Now, I'm not saying that consoles don't have their place, though personally I've never owned one, in part for this very reason, and in part because I prefer strategy games over shooters. But as a computer scientist, I'd be awful sad to see total DRM, because it would be the end of the personal computer as a general computing platform. If the cure for software piracy is the elimination of the PC as we know it, then the cure is worse than the disease. In the end, I don't want some corporation telling me in absolute, arbitrary terms what I can and can't do with my computer.
Now, the issue of copyright is a separate one. Legally, I think that the copyright system needs a major overhaul. The idea behind copyright is a sound one, but the current implementation does not accomplish that idea. In many cases, it does the opposite. Exactly what reforms need to be made to copyright law for it to serve its intended function (and I would point out that its intended function is listed in the United States Constitution as, "To promote the Progress of Science and useful Arts, by securing for limited Times to Authors and Inventors the exclusive Right to their respective Writings and Discoveries") is debatable, and beyond the scope of this discussion. Whether the term is 3 years or "forever by intervals" as Disney would prefer, it doesn't affect the piracy of new games.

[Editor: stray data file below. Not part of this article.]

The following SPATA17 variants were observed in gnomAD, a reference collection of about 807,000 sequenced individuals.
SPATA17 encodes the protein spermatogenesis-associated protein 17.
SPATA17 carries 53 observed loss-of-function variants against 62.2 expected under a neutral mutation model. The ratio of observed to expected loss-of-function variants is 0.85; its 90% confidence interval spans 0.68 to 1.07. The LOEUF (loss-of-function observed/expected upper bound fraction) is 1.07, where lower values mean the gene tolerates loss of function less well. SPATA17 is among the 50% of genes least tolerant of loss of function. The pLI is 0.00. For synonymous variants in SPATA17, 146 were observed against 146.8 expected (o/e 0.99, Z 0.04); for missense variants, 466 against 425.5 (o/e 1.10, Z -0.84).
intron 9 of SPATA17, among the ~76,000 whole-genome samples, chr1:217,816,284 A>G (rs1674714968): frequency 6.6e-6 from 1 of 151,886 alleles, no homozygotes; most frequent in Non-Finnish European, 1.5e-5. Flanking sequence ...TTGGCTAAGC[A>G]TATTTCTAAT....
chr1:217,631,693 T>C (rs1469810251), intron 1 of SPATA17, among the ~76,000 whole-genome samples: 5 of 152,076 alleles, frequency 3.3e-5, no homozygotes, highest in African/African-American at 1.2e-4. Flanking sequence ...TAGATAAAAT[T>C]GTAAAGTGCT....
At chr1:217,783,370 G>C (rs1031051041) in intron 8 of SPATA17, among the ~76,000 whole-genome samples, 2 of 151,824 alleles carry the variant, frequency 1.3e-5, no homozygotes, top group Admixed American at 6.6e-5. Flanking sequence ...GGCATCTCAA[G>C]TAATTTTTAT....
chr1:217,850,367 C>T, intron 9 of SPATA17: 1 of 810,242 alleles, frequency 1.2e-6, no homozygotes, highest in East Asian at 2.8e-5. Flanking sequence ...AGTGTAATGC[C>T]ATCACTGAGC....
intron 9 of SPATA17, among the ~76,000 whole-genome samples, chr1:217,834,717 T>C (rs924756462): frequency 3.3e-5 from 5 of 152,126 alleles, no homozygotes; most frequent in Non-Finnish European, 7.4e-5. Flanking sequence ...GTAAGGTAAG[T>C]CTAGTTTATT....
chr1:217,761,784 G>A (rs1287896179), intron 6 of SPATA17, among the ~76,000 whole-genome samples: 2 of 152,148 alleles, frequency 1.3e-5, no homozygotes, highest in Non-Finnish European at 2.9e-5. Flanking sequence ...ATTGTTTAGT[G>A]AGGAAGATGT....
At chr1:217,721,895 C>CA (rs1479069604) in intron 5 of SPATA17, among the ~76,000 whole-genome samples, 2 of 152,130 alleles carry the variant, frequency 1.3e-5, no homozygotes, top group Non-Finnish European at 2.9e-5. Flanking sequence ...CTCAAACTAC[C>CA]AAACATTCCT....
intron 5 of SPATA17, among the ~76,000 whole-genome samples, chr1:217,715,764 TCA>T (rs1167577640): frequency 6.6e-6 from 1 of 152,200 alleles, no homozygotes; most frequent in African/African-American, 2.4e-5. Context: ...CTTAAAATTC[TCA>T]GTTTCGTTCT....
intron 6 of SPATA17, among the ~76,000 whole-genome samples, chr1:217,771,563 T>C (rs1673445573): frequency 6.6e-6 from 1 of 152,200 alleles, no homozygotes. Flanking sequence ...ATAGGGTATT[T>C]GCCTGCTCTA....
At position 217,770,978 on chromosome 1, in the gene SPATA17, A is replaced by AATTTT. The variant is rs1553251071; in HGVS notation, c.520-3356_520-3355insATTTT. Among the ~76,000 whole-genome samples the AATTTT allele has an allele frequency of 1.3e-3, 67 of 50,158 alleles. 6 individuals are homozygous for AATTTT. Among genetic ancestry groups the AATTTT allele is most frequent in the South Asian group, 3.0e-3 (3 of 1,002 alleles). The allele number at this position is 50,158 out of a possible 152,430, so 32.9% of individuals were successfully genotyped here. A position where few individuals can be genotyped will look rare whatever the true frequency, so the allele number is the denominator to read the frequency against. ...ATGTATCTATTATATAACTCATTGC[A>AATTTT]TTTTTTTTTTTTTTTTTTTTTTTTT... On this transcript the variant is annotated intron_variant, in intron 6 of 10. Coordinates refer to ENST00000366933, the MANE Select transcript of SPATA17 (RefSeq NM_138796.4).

Here, we again must disambiguate the moral and the legal sides of the issue of "piracy" which are so often jumbled together. Comparing the two is a classic case of apples and oranges. Statements like "act X is morally equivalent to legal construct Y" are practically meaningless. Comparing the morality of actions to other actions is fine, but don't get legal constructs mixed in. Also keep in mind that legal constructs do not have infinite moral value in all cases (there have been many immoral laws in human history, from Separate but Equal to the laws of Nazi Germany regarding Jews). Likewise, there are plenty of things which most people would agree are immoral, but are legal. This is what makes the arguments about piracy being or not being theft so messy.
The actual legal issues involved in software piracy are relatively straightforward. Using a copy of a program which you have not payed for is legally exactly equivalent to making a photocopy of a book. It is a violation of copyright law, and hence not legal. It is not petty larceny or grand larceny (commonly called "theft"), as both of these are quite specific in describing the taking of physical property owned by someone else without their consent. As no physical property is involved, software piracy is not larceny, it is copyright violation.
The moral issues involved are far more complicated, and there is no clear cut answer. Various parties will try to tell you that there is one simple solution. Though they may vary on what that solution is, it is never practical, and it is almost never moral or in the best interests of society.